In 2011 Motian featured on a number of new recordings, including Live at Birdland (with Lee Konitz, Brad Mehldau and Charlie Haden), Samuel Blaser's Consort in Motion, No Comment by Augusto Pirodda, and Further Explorations with Chick Corea and Eddie Gómez. Bill McHenry's Ghosts of the Sun was released - by coincidence - on the day of Motian's death. Motian's final album as bandleader was The Windmills of Your Mind, featuring Bill Frisell, Thomas Morgan and Petra Haden.

Motian died on November 22, 2011 at New York's Mount Sinai Hospital of complications from myelodysplastic syndrome."

-Wikipedia (https://en.wikipedia.org/wiki/Paul_Motian)
7/10/2024

Have a better biography or biography source? Please Contact Us so that we can update this biography.


Track Listing:



1. Gloria's Step 6:10

2. My Man's Gone Now 6:20

3. Solar 8:48

4. Alice In Wonderland 8:33

5. All Of You 8:17

6. Jade Visions 3:45

7. My Foolish Heart 4:52

8. Waltz For Debby 6:55

9. Detour Ahead 7:33

10. My Romance 7:10

11. Some Other Time 5:01

12. Milestones 6:33

Related Categories of Interest:


Hat Art
Improvised Music
Jazz
Melodic and Lyrical Jazz
Piano Trio (Piano Bass Drums)
Trio Recordings
NY Downtown & Metropolitan Jazz/Improv
New in Improvised Music

Search for other titles on the label:
ezz-thetics by Hat Hut Records Ltd.


Recommended & Related Releases:
Other Recommended Releases:
Coleman, Ornette
Free Jazz To Ornette! Revisited
(ezz-thetics by Hat Hut Records Ltd)
Exploring further the concepts of free jazz, saxophonist Ornette Colemans back-to-back 1961 & 62 albums find the composer and innovator in a ground-breaking double quartet that includes Eric Dolphy, Don Cherry & Freddie Hubbard, Scott LaFaro & Charlie Haden, and Billy Higgns & Ed Blackwell; then with quintet with Scott LaFaro temporarily taking Charlie Haden's chair.
Evans, Bill (w/ LoFaro / Motian)
The Legendary Trio At Birdland 1960 Revisited
(ezz-thetics by Hat Hut Records Ltd)
Unofficial jazz documentarian Boris Rose captured these recordings on reel-to-reel tape of the Bill Evans Trio in 1960, an artistically fulfilling concert at Birdland in NYC and a rare recording of this particular trio with bassist scott LaFaro and drummer Paul Motian; originally issued in 1992 on the Cool & Blue label, here properly restored and remastered.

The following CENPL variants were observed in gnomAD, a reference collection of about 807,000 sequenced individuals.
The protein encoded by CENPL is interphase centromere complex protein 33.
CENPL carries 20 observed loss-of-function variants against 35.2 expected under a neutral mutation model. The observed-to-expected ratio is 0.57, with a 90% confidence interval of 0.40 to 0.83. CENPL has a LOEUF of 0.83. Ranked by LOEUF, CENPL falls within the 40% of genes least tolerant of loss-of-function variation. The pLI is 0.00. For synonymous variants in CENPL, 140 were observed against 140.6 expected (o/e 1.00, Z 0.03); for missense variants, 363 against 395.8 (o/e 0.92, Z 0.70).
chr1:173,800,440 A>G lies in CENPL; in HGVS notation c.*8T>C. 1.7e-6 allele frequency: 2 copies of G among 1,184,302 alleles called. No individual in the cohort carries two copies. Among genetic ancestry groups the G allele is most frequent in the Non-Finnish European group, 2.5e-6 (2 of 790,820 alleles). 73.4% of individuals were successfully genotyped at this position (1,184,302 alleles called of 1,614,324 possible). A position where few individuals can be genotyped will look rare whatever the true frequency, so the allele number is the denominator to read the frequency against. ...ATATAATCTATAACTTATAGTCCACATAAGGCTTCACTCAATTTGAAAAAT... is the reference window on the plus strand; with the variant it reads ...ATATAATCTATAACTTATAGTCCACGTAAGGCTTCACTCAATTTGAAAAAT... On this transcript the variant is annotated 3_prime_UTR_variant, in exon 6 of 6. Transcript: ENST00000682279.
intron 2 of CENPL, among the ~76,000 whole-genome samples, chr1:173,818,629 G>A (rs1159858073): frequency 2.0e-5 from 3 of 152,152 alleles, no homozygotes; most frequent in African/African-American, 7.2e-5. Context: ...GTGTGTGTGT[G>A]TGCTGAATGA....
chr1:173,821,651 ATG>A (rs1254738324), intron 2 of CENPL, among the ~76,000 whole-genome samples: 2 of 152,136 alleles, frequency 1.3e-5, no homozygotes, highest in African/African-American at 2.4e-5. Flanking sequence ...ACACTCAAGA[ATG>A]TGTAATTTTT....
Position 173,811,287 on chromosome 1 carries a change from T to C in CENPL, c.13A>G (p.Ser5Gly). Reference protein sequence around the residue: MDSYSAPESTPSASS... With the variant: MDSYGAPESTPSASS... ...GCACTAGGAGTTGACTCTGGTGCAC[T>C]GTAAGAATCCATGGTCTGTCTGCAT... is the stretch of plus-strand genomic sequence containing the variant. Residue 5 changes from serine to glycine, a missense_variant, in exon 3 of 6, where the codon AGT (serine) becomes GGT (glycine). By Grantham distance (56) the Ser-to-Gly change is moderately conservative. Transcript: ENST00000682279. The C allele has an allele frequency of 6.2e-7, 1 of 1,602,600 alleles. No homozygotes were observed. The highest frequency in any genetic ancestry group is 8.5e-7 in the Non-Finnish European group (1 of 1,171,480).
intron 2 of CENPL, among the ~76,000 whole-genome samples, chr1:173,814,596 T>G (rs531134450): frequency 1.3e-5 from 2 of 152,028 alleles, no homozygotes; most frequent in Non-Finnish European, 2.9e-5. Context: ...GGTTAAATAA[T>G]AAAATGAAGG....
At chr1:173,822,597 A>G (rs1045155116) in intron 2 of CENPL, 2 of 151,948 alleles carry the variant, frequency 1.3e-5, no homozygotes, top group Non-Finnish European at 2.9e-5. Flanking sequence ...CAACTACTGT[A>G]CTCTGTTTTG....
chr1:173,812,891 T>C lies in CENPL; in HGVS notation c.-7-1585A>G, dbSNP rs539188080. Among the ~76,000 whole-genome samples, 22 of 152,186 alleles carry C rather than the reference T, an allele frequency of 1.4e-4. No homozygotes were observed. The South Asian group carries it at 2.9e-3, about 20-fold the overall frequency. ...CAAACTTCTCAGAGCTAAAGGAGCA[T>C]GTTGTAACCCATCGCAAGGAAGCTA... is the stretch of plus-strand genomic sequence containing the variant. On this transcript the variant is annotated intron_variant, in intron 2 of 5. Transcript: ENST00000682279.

Evans, Bill (Evans, Hall, Peacock, Motian, Israels, Bunker)
Duos With Jim Hall & Trios '64 & '65, Revisited [2 CDs]
(ezz-thetics by Hat Hut Records Ltd)
Three configurations of sophisticated duos & trios from four remastered albums recorded between 1962 and 1966 by pianist Bill Evans: first in duos with guitarist Jim Hall (Undercurrent); then with his trio of bassist Gary Peacock & Paul Motian (Trio 64); then with bassist Chuck Israels & drummer Larry Bunker (Trio 65); and last full circle to 1966, again with Jim Hall (Intermodulation).
Brown, Marion
Gesprachsfetzen & In Sommerhausen
(Moosicus)
Working with German jazz and "third stream" musician, vibraphonist & composer Gunter Hampel, New York alto saxophonist Marion Brown is heard in two live recordings from 1968 & 1969 in Munchen, Germany and Wurzburg, in quintet and sextet configurations with superb supporting musicians including Steve McCall (drums), Ambrose Jackson (trumpet), Daniel Laloux (bass) and Jeanne Lee (voice).
Mingus, Charles
At Antibes 1960, Revisited
(ezz-thetics by Hat Hut Records Ltd)
Restoring and remastering the 1979 Atlantic album Mingus at Antibes from bassist & composer Charles Mingus, an extraordinary concert from the 1960 Antibes Jazz Festival with the masterful sextet of Eric Dolphy on alto sax & bass clarinet, Ted Curson on trumpet, Booker Ervin on tenor saxophone, and Dannie Richmond on drums, with Bud Powell or Mingus himself on piano.
Dixon, Bill w/ Archie Shepp, 7-Tette and Orchestra
Revisited
(ezz-thetics by Hat Hut Records Ltd)
Reissuing three essential album from trumpeter Bill Dixon's work in the 60's, first his 1962 album with saxophonist Archie Shepp in configurations of trio & quartet; then Dixon's septet album from 1964 in two compositions; and his orchestra album from 1967, showing the evolution of the trumpeter's work, approach to soloing, and his unique sense of orchestration.
Parker, Charlie
At Birdland 1950 "Revisited"
(ezz-thetics by Hat Hut Records Ltd)